How do I take it?

    • Always follow the instructions given by your doctor. These will also be printed on the dispensing label that your pharmacist has put on the packet of medicine.
    • The usual dose for adults and adolescents over 12 years of age is two tablets taken four times a day. To treat IBS symptoms treatment should be started with one tablet three times a day. This can be increased up to two tablets four times a day if necessary.
    • The usual dose for children aged 6 to 12 years is one tablet taken three times a day.
    • Buscopan tablets should be swallowed whole with a drink of water. They can be taken either with or without food.
    • If you forget to take a dose take it as soon as you remember, unless it is nearly time for your next dose. In this case just leave out the missed dose and take your next dose as usual. Do not take a double dose to make up for a missed dose.
    • This medicine should not be taken on a continuous daily basis or for prolonged periods of time without the cause of your abdominal pain being investigated by your doctor.


    • This medicine may cause blurred vision and so may affect your ability to drive or operate machinery safely. If affected do not drive or operate machinery.
    • While taking this medicine you should consult your doctor immediately if you experience severe, unexplained abdominal pain that doesn’t go away, gets worse, or occurs with symptoms like fever, nausea, vomiting, changes in bowel movements, abdominal tenderness, decreased blood pressure, fainting, or blood in your stools.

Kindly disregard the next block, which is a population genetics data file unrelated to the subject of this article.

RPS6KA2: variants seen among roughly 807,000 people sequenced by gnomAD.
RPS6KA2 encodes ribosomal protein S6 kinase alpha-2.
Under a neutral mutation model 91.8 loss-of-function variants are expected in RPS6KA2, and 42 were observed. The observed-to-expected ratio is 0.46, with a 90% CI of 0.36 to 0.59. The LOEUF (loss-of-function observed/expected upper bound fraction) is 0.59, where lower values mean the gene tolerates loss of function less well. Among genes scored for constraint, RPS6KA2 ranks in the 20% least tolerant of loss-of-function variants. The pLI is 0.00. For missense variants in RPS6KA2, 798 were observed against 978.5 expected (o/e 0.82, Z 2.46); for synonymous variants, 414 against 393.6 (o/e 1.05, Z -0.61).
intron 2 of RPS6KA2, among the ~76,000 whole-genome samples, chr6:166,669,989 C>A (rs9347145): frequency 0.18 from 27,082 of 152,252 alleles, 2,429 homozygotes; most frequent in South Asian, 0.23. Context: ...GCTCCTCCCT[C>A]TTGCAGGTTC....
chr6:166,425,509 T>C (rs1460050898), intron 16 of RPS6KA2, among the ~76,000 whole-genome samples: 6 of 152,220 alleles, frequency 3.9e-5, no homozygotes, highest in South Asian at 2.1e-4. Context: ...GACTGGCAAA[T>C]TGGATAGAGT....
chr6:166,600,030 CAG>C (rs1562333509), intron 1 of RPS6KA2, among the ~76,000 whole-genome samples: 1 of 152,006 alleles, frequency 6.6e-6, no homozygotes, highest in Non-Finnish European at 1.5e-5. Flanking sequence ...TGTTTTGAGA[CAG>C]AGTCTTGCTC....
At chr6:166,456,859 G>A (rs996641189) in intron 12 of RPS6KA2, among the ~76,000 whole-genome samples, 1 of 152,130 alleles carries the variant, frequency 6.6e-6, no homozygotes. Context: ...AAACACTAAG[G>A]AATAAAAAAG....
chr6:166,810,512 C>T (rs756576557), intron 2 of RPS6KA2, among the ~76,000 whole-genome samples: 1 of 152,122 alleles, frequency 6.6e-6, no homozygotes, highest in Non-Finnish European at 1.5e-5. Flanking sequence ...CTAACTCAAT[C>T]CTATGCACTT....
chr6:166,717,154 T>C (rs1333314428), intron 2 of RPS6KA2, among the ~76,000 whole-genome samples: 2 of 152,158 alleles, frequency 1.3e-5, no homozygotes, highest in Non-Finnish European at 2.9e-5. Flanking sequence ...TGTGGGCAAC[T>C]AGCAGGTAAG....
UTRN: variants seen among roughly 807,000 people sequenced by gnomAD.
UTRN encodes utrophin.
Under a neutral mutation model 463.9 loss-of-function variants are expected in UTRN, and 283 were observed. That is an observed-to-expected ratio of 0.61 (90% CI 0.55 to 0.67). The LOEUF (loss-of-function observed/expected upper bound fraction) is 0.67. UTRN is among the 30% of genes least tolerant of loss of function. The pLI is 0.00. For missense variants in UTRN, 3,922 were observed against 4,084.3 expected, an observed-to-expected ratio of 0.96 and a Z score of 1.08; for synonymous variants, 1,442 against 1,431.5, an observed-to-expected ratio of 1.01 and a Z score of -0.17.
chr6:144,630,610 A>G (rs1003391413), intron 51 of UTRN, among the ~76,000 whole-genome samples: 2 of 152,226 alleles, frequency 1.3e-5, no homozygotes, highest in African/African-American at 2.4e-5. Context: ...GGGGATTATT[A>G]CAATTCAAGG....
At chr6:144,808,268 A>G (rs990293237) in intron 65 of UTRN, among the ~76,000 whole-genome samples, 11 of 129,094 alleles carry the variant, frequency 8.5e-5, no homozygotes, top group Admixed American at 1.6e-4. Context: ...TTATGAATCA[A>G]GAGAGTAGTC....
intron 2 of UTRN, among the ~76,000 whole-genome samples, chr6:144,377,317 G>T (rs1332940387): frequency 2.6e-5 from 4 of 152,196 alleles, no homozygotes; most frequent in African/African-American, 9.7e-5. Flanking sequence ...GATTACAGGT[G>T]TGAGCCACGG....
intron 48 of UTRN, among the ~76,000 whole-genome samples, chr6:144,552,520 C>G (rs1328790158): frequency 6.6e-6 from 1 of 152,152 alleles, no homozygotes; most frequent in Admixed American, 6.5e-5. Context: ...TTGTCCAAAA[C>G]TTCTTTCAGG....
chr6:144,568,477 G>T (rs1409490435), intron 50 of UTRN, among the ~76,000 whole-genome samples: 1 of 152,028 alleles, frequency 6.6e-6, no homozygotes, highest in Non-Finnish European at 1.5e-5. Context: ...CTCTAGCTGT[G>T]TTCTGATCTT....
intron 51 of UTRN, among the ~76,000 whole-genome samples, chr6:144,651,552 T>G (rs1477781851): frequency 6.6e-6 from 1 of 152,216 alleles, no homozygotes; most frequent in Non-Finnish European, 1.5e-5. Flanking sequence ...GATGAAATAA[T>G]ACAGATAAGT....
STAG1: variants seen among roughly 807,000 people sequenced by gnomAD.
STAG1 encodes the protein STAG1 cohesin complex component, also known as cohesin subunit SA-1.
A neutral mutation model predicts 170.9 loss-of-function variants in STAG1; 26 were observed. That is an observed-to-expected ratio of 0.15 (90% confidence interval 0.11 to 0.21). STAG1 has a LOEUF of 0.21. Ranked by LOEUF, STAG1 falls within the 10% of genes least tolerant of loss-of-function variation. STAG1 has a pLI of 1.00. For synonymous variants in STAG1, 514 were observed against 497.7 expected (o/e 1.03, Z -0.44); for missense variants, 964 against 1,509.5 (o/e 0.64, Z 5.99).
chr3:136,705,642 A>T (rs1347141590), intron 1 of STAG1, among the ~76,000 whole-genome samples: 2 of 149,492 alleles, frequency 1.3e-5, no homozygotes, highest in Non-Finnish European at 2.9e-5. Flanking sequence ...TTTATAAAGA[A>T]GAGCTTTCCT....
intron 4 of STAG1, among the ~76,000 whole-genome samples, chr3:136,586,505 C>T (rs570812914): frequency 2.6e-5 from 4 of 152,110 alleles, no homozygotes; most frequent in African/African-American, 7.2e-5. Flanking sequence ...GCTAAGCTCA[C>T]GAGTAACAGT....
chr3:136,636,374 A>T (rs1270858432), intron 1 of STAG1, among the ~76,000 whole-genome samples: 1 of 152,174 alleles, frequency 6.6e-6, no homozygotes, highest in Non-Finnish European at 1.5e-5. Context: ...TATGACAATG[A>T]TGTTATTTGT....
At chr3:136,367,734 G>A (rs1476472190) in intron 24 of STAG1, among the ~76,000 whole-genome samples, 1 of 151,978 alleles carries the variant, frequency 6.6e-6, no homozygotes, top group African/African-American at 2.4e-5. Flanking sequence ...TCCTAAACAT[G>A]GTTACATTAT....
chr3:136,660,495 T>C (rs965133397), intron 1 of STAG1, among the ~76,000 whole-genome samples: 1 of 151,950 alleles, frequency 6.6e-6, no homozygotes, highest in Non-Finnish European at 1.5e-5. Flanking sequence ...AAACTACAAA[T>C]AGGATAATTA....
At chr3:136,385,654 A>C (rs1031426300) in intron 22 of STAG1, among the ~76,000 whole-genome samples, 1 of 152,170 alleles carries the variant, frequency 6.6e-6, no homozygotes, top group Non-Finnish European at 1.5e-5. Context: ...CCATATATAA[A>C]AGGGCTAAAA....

• You should also consult your doctor immediately if you experience any of the following while using this medicine: red and painful eye, possibly with headache, loss of vision, or seeing haloes around lights. These symptoms may be caused by an increase in pressure inside the eyeball and require urgent investigation by your doctor.

    Not to be used in

    • People with an abnormally large or dilated large intestine (megacolon).
    • People with a condition called myasthenia gravis, which involves abnormal muscle weakness.
    • People with an eye condition called closed angle glaucoma.
    • People with rare hereditary problems of fructose intolerance, glucose-galactose malabsorption or sucrase-isomaltase insufficiency (Buscopan tablets contain sucrose).
    • Buscopan tablets are not recommended for children under six years of age.

    This medicine should not be used if you are allergic to any of its ingredients. Please inform your doctor or pharmacist if you have previously experienced such an allergy.

    If you feel you have experienced an allergic reaction, stop using this medicine and inform your doctor or pharmacist immediately.

    Use with caution in

    • Elderly people.
    • People with heart problems, including a fast heart rate (tachycardia) or heart failure.
    • People with an overactive thyroid gland (hyperthyroidism).
    • People who are susceptible to blockages in the urinary tract and difficulty passing urine, for example men with an enlarged prostate gland.